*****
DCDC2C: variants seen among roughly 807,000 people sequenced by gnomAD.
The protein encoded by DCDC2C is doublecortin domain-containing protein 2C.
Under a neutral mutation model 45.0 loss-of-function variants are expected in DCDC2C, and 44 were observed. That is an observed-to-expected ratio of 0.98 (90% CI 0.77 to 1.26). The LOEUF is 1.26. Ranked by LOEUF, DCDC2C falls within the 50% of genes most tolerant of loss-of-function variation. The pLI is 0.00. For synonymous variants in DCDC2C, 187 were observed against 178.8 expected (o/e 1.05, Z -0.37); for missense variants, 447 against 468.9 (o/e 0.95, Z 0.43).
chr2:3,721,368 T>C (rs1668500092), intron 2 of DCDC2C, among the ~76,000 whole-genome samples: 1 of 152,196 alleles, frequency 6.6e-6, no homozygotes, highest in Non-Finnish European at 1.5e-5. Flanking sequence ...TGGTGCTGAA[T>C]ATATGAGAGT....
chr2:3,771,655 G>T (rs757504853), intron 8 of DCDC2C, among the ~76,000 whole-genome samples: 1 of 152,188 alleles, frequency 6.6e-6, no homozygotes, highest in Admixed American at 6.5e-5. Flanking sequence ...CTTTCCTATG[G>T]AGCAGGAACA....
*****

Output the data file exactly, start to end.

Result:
DCDC2C: variants seen among roughly 807,000 people sequenced by gnomAD.
The protein encoded by DCDC2C is doublecortin domain-containing protein 2C.
Under a neutral mutation model 45.0 loss-of-function variants are expected in DCDC2C, and 44 were observed. That is an observed-to-expected ratio of 0.98 (90% CI 0.77 to 1.26). The LOEUF is 1.26. Ranked by LOEUF, DCDC2C falls within the 50% of genes most tolerant of loss-of-function variation. The pLI is 0.00. For synonymous variants in DCDC2C, 187 were observed against 178.8 expected (o/e 1.05, Z -0.37); for missense variants, 447 against 468.9 (o/e 0.95, Z 0.43).
chr2:3,721,368 T>C (rs1668500092), intron 2 of DCDC2C, among the ~76,000 whole-genome samples: 1 of 152,196 alleles, frequency 6.6e-6, no homozygotes, highest in Non-Finnish European at 1.5e-5. Flanking sequence ...TGGTGCTGAA[T>C]ATATGAGAGT....
chr2:3,771,655 G>T (rs757504853), intron 8 of DCDC2C, among the ~76,000 whole-genome samples: 1 of 152,188 alleles, frequency 6.6e-6, no homozygotes, highest in Admixed American at 6.5e-5. Flanking sequence ...CTTTCCTATG[G>T]AGCAGGAACA....